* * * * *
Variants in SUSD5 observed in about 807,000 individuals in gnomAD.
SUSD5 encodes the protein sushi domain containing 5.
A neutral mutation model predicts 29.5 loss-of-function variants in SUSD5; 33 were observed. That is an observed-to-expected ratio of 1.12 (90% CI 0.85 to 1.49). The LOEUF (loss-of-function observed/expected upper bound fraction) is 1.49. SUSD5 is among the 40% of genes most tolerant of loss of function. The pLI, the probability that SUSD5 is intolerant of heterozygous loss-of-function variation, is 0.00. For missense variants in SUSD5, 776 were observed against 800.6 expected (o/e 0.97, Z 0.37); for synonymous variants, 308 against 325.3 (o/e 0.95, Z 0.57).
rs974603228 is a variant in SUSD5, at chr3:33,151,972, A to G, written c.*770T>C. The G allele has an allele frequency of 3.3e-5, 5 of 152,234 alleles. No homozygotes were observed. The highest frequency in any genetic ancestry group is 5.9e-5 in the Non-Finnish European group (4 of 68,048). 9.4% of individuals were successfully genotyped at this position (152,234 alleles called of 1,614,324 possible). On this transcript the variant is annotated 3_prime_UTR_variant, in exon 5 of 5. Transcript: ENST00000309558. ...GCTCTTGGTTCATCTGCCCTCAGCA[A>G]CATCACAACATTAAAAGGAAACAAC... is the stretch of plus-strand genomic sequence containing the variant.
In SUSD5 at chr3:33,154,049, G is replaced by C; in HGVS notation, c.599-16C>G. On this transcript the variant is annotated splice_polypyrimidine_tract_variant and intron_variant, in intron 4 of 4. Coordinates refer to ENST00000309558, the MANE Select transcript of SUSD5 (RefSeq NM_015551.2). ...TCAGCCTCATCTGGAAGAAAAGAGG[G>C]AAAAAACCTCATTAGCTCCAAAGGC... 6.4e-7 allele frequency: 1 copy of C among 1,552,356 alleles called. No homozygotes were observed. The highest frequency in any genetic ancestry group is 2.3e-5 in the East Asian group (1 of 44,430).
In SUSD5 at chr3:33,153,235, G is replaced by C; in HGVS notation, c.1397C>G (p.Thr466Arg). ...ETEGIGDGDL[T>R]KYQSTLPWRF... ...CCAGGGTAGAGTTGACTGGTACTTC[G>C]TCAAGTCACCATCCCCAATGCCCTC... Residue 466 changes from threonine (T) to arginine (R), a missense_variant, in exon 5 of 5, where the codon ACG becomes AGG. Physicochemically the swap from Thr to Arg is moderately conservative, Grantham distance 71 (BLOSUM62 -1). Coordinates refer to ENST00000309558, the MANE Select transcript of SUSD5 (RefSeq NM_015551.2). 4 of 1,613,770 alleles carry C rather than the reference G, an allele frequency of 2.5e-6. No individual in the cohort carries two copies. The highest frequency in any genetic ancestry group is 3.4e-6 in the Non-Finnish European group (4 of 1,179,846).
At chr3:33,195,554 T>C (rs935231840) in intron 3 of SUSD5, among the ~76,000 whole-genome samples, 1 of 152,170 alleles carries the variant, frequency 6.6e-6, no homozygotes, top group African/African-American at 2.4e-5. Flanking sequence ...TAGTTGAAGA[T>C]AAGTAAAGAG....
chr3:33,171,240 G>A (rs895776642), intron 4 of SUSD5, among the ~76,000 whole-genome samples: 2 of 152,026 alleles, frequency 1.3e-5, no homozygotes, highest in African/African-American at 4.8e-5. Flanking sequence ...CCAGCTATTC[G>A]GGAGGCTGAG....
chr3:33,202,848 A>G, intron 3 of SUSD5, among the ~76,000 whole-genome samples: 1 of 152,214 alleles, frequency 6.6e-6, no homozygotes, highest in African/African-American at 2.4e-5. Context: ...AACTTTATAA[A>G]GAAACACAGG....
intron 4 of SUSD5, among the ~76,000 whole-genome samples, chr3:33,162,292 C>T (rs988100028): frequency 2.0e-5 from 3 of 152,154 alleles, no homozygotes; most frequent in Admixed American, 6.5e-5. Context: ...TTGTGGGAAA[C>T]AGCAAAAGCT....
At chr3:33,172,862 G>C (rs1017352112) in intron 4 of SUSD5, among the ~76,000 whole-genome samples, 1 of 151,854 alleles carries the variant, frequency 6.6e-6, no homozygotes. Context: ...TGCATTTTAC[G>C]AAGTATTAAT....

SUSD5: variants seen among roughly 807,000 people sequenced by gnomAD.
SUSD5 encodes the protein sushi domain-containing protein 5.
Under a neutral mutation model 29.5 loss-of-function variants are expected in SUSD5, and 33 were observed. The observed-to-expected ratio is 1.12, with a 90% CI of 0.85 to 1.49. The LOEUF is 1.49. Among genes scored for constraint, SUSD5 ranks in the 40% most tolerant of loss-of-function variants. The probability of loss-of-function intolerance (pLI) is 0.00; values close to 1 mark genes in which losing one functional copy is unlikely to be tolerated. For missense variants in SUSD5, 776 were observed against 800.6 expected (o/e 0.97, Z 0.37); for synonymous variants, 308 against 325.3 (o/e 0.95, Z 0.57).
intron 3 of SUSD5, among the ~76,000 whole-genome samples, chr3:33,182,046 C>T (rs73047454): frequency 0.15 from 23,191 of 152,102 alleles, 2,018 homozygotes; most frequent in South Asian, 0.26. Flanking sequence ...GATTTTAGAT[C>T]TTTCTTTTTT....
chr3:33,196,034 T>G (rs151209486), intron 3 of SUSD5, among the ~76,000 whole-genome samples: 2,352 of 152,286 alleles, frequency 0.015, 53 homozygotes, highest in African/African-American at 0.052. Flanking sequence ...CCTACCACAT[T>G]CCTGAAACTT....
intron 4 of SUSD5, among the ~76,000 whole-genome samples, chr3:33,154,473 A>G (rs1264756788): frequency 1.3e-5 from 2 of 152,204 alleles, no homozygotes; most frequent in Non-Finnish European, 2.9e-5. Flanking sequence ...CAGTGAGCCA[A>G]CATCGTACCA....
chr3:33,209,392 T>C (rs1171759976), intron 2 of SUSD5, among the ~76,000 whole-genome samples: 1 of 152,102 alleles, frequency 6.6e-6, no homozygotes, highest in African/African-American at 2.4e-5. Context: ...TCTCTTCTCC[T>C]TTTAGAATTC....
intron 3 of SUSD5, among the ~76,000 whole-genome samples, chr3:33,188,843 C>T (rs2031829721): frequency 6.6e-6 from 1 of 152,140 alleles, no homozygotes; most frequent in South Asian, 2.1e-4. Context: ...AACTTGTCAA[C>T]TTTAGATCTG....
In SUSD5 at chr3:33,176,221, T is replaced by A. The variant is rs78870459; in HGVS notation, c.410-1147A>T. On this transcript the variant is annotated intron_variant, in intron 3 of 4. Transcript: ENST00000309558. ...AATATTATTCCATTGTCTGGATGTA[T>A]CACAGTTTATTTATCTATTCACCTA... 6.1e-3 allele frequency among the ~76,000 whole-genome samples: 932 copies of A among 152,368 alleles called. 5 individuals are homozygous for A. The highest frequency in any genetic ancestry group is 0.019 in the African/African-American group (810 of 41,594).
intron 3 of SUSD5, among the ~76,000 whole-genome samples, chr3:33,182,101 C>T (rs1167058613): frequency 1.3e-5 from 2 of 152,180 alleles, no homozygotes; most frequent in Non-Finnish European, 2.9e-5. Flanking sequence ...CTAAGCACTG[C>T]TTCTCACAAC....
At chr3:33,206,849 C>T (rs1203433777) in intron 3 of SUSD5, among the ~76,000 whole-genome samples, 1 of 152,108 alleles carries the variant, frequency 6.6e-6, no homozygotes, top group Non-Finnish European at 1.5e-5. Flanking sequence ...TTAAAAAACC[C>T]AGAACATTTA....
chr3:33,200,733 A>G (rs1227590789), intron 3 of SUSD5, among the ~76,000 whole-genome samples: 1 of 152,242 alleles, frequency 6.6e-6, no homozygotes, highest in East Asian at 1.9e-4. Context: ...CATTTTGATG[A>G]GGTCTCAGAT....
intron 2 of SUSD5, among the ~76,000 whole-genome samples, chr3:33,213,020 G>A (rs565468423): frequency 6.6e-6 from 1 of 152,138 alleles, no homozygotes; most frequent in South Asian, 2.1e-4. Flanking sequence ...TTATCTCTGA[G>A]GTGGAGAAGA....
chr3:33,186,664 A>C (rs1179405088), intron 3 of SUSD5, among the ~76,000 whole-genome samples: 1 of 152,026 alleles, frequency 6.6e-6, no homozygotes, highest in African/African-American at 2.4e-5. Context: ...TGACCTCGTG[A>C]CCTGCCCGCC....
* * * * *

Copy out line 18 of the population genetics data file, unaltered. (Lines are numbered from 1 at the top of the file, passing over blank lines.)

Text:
chr3:33,209,392 T>C (rs1171759976), intron 2 of SUSD5, among the ~76,000 whole-genome samples: 1 of 152,102 alleles, frequency 6.6e-6, no homozygotes, highest in African/African-American at 2.4e-5. Context: ...TCTCTTCTCC[T>C]TTTAGAATTC....